But it is easy for trellis maintenance to get more attention, and it’s easier to give attention to the trellis. Things that don’t squirm, fuss, or fail take less work, and the work still looks like there’s real progress. But the soul of a school are its souls. What makes ECS special are the souls of the Board, the Headmaster, the full-time team, the part-time teachers, the volunteer helpers, the parents, and the students. 

We are in an “exciting” time, in WA and at ECS. We are out of step with the State and we keep running out of space. We’ve been looking for a few years for a place we could really plant ourselves, a place where we could spread out the trellis, to have more rooms and more room to play than on pavement. At the same time, the most pressing concern is always the souls. 

Souls over Sycamore (though what an amazing app of common grace that allows communication about homework between teachers and parents directly), souls over standardized tests, souls over seating arrangements, souls over musical scales, souls over swing-sets and soccer balls. Grades may help to reveal what’s happening in a given class, yes, but most of the time our teachers spend at the end of a Quarter is concerned with identifying character. Maybe we could call them “Soul cards.”

One of my favorite gifs of all time is from an Old El Paso taco commercial. The family is struggling to decide whether to have hard shell or soft shell tacos for dinner. A young girl shrugs and says, “Why not both?” and then they lift her up onto their shoulders in celebration.

Going back to the previous metaphor, good trellis makes for healthy vines. It’s both, and we pray for both. Yet we always need to keep in mind that as we commend the works of the Lord to the next generation, it’s because that generation will live forever. They are, along with us, eternal souls. This reality provides us with reason to provide them with the best we can in the here and now, while also holding somewhat loosely the seen things because they are fading away (2 Corinthians 4:18).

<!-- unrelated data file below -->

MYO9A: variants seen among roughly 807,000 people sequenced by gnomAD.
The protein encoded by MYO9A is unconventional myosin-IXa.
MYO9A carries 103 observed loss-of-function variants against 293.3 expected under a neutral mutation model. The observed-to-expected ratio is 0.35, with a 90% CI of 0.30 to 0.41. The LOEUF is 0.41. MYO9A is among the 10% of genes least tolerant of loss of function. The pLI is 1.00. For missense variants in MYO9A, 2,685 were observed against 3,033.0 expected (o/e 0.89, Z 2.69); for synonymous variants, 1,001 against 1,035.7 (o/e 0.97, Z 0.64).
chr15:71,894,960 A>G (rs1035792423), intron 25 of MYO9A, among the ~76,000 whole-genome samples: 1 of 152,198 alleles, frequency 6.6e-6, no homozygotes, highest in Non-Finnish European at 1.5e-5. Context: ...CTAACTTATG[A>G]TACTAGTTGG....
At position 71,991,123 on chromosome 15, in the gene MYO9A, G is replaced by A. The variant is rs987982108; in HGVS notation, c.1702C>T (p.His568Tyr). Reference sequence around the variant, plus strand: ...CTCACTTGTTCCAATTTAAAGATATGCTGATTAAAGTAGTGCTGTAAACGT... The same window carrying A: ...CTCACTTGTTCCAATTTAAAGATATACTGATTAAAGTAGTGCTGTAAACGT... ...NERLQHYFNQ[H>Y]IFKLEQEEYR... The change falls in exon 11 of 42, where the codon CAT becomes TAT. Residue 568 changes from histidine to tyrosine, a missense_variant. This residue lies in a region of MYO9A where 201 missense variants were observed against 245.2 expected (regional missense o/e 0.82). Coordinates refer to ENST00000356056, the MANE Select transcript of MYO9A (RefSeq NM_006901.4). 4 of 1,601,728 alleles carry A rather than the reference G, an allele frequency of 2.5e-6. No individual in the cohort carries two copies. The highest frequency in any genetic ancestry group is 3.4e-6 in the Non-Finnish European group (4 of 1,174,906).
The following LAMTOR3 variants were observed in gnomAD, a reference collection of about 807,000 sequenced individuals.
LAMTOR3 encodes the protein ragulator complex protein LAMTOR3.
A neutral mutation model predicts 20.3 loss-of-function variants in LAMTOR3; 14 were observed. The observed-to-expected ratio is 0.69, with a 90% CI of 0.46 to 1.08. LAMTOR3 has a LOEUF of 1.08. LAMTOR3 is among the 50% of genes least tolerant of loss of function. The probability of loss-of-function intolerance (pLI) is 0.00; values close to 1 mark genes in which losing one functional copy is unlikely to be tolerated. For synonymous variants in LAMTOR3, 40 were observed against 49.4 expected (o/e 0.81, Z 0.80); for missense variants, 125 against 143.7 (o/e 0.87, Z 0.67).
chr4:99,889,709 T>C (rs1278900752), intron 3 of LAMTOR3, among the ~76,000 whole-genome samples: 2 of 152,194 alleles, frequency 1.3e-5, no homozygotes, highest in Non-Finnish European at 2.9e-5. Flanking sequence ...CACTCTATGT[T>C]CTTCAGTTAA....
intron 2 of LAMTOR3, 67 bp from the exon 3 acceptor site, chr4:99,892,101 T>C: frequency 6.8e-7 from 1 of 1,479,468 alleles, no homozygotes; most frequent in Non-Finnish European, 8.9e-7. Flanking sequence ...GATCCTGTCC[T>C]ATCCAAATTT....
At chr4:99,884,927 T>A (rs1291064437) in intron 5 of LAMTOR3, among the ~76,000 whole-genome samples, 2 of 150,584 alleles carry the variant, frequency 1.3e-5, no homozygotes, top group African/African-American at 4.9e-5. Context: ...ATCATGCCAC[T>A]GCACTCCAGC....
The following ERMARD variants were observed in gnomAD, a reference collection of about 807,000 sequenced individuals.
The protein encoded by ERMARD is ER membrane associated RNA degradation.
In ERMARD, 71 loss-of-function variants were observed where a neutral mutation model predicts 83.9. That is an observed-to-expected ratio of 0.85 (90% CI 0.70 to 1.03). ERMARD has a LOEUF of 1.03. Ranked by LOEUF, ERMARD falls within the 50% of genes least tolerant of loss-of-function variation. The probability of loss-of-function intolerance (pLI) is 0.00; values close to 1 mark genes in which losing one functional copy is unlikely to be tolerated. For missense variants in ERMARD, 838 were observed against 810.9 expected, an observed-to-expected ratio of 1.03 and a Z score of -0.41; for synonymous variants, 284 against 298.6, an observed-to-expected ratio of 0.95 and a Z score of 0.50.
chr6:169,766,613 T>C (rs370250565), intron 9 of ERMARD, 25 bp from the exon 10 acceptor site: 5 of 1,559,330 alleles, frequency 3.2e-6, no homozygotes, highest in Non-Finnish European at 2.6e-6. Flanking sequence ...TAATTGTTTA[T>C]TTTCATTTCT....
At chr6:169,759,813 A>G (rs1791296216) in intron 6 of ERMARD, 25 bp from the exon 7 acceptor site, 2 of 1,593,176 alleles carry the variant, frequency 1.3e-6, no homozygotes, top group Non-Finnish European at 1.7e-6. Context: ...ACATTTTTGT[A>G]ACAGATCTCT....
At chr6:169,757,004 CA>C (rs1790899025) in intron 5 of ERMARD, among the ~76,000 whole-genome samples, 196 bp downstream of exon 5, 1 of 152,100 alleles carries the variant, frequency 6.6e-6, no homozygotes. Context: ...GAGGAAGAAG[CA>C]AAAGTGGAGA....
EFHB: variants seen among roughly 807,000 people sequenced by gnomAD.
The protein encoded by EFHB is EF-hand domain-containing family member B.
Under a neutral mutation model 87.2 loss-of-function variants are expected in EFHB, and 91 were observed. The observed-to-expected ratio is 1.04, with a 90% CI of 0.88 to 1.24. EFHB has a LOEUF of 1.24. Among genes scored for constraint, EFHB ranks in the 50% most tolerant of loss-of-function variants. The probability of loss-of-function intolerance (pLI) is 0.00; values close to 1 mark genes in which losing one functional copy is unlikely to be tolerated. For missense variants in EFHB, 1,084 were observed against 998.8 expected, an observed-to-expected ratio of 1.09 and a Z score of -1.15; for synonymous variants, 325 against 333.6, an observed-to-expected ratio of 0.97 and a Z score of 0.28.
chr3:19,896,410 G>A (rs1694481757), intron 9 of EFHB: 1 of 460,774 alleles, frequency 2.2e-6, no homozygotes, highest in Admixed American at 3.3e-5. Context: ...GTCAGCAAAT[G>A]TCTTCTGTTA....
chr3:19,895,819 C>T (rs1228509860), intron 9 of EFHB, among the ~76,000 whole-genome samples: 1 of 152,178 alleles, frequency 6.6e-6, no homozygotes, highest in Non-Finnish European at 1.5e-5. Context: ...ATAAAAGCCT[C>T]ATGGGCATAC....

So as you process all the information, as you think about the future of the school as well as your investment, remember that there is no profit for a man if he gains the whole world and forfeits his soul (Matthew 16:26).

Lord's Day Liturgy

Blind Spots Are Rarely Lovely

How do you avoid blind spots? Blind spots are things you can’t see, of course, and sometimes you know they’re there anyway. Other times you don’t know that you don’t know.

This question applies to all sorts of decisions, but I’m thinking of its application for your obedience and fruitfulness and loving your neighbor and building up the body.

First, you look in the mirrors, move them around to get as good of view as you can. This isn’t just for backing up or switching lanes while driving a car, this is for looking into the Bible as a mirror (James 1:22-25). The Word, read with faith and humility, reveals the standards and shows how we don’t match. This is true propositionally, but also with the example of Christ. If we are to be presented complete in Christ, then in what ways do we need to follow in His steps better?